- “Ms. Blansett will not continue her podcast as an Oyster River employee. We support her choice, recognizing that society needs both provocateurs and healers in order to change – but that it is near-impossible for one person to hold both public personas, without confusion, at the same time.”
I agree the roll-out was bad and the controversy was predictable, as Yusi said. It was also avoidable, as Yusi also said, but probably only by choosing a different candidate. In my opinion the real problem was the board forgot how to play hot potato: (1) don't pick it up, and (2) pass it on. Despite all of Rachael's good qualities, the controversial podcasts made her a hot potato, guaranteed to embroil the district in the current controversy. The district picked it up and didn't pass it on. Controversy ensued and we're all worse off as a result. Hopefully we get through the pain to the good part and it will have all been worth it.
Frankly what happened makes the entire political left look bad. We're making true the conspiracies theories of liberals executing secret plans to spend tax dollars to indoctrinate children with questionable dogma. Given the precarious state of democracy in this country, we really don't want to make that impression right now.
As for the photo in the Mouth of the River piece being "grabbed online," it was Rachael's official photo for the NH Listens fellowship she currently holds, not a random photo. I won't rehearse the content of the shirt again, especially now that it's been swapped out for something more acceptable. I just think we'd all have been so much better off if all this internet scrubbing took place before Rachael's name was announced, rather than after a month of scandal.
After throwing the superintendent under the bus about the roll-out (without mentioning his name, so I'm reading between the lines here), Member Turell goes on to criticize Ruth and me, saying:
In contrast, I’ve observed that a few members of our community are intentionally spreading rumor and fanning flames online .One such falsehood is that the DEIJ hire cannibalized $50k from special education, a message that drives a wedge between DEIJ and special education. (I will respond to this and a few other claims in the comments.)Ruth and Dean, I know that this process and documentation for the DEIJ Coordinator have not been how you personally would have gone about it. We have learned from some of your points, including better transparency. But the fact is, you weren’t the ones rolling up your sleeves over the past 5 months or 5 years to make the district more inclusive and to support teachers in this area. Your approach was not the one that the Board approved after much discussion, or that the community supported. You reached out the day before the Deliberative Session and tried to cram. At what point does misunderstanding from late arrival, turn into willful ignorance, turn into intentional harm and sabotage?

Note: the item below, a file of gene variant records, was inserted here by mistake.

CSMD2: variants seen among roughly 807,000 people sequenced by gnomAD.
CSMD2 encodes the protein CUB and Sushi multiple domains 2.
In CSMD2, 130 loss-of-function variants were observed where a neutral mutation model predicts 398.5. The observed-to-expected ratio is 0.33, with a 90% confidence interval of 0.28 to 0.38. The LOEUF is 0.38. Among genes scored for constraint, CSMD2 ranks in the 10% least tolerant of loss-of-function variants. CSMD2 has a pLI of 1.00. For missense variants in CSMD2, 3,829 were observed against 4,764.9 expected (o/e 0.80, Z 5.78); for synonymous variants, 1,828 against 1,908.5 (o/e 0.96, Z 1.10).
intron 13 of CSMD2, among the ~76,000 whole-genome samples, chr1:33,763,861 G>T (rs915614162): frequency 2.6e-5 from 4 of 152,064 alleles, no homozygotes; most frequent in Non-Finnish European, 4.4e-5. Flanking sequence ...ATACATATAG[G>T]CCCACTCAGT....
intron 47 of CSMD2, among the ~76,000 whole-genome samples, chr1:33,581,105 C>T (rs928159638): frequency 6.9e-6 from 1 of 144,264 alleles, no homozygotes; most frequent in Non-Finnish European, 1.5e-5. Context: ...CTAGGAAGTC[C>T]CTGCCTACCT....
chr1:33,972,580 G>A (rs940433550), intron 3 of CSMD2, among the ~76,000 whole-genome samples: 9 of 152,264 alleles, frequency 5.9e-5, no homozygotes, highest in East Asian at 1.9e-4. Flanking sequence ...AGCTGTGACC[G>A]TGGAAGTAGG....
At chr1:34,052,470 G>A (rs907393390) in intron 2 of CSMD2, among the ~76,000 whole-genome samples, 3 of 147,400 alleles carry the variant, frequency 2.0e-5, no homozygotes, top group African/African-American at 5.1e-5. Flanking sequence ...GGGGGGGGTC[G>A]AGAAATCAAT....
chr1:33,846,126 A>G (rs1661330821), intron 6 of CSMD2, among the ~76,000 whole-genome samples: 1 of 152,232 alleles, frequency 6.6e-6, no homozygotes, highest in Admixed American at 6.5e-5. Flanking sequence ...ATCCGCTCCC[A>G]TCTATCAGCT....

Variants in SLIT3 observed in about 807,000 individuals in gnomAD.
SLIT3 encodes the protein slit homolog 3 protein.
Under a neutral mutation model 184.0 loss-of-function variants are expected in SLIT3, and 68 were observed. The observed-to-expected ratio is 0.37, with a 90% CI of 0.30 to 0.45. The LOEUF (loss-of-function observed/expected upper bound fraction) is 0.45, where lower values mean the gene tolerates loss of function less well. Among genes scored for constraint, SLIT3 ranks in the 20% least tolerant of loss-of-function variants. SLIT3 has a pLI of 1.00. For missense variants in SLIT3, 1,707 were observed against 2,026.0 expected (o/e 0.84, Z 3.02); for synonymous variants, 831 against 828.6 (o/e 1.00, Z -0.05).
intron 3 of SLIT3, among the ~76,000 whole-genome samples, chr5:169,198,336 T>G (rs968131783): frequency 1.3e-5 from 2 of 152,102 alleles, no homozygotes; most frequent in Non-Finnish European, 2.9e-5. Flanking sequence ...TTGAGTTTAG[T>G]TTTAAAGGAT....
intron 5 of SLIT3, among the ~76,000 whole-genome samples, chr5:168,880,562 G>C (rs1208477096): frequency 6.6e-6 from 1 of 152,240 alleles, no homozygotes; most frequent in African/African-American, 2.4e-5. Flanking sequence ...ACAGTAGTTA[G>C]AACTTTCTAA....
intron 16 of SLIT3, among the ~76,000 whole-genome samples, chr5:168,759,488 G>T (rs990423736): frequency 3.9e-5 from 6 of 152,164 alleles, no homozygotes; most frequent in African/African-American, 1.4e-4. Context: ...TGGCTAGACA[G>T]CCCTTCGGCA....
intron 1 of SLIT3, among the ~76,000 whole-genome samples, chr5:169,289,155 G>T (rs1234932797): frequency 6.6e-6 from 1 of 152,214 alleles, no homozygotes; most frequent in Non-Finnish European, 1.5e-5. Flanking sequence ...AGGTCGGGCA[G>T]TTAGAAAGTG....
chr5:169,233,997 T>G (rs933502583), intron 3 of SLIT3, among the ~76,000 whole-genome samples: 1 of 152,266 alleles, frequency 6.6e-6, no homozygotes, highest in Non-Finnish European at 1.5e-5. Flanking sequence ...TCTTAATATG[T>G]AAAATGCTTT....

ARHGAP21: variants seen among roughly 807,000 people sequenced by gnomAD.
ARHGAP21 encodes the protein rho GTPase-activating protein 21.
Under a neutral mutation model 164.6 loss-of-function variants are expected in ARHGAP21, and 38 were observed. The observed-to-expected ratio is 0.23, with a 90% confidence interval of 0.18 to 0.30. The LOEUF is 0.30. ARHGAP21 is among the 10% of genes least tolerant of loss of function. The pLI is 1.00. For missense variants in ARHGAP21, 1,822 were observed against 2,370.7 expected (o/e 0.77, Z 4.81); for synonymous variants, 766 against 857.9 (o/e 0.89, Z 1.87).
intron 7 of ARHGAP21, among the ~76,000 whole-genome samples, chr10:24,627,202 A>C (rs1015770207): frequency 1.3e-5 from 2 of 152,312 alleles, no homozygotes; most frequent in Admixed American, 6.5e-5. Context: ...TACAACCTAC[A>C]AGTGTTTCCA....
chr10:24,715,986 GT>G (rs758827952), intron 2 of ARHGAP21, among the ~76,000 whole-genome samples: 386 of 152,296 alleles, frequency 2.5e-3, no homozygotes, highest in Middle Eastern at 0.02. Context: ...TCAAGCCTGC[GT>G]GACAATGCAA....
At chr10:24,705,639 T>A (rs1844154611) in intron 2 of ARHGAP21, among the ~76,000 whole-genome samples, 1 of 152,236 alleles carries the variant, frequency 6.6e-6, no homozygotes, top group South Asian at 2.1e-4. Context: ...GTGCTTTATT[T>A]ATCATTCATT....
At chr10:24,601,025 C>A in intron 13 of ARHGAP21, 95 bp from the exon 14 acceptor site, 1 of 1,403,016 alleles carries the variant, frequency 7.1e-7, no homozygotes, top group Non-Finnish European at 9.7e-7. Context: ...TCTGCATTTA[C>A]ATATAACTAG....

I want to start my response to this by saying I welcome Member Turell's criticism, and I harbor no ill will toward her because of it. I'm a big boy playing in the public sphere, and comments like this, and much worse, are part of the deal. She could have mentioned my name at the board meeting but she didn't, because she's nice. She had expressed her concerns to me privately when the previous post went out, but I declined to make changes for reasons I'm about to get into. I guess she felt the need to go public, which is fine. I enthusiastically supported Yusi for the board and I consider her my friend. I hope she still feels the same.
That said, I disagree with Member Turell's criticisms and I stand by my comments. All but one, anyway, which was an error on my part, not willful ignorance.
As for "intentionally spreading rumor," I have been known to post a rumor or two, usually because it's the only information available, and which I try to clearly label as rumor. But around this DEIJ issue I've tried to stick to district meetings, documents and publicly available sources on the internet. Every reader is free to click the links to verify the accuracy of my claims. I am eager to correct inaccuracies as soon as I learn about them. I'm going to do it below.
Regarding "fanning flames online," I'd argue that it was the controversial choice of finalist candidate that ignited the flame and the subsequent hiring of said candidate was the fanning. I publicized the controversial stuff because I thought it was important for the community to see what we were getting into. This blog was started in 2012 because a board member was making racist and sexist tweets. I'm not going to ignore similar stories just because they're coming from my political side. The plan the DEIJ boosters seem to prefer was to keep it all secret until Rachael's hiring was a done deal. I had to attend two meetings at 5:45 pm just to learn the names of the candidates! I still haven't figured out the names of all the committees that were working on the issue.
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From my perch it appears the board and district knew they wanted this position and didn't much care how the public felt. I've been hearing from a number of folks who say they don't like the controversial content, but they don't want to become a target by voicing their concerns. I have to agree that it's not much fun being a target. The touchy topic means the board should have worked extra hard to discern actual public opinion, instead of glossing over it.Yusi gets hurtful with, "You reached out the day before the Deliberative Session and tried to cram. At what point does misunderstanding from late arrival, turn into willful ignorance, turn into intentional harm and sabotage?"
In this case, we were not forced to choose between order and justice. The district tried to complete the hire of a controversial candidate before the public noticed, and then the boosters tried to bully the citizens into not complaining about mess that resulted. That's not just, and it definitely wasn't order. The district needs to strive for transparency and accountability.
At this point in time, before Coordinator Blansett has done any work at ORCSD, we need to recognize that we're pretty much all worse off than we were a few weeks ago. It didn't have to be this way. We see various attempts to shift the blame, but we all share it, myself included.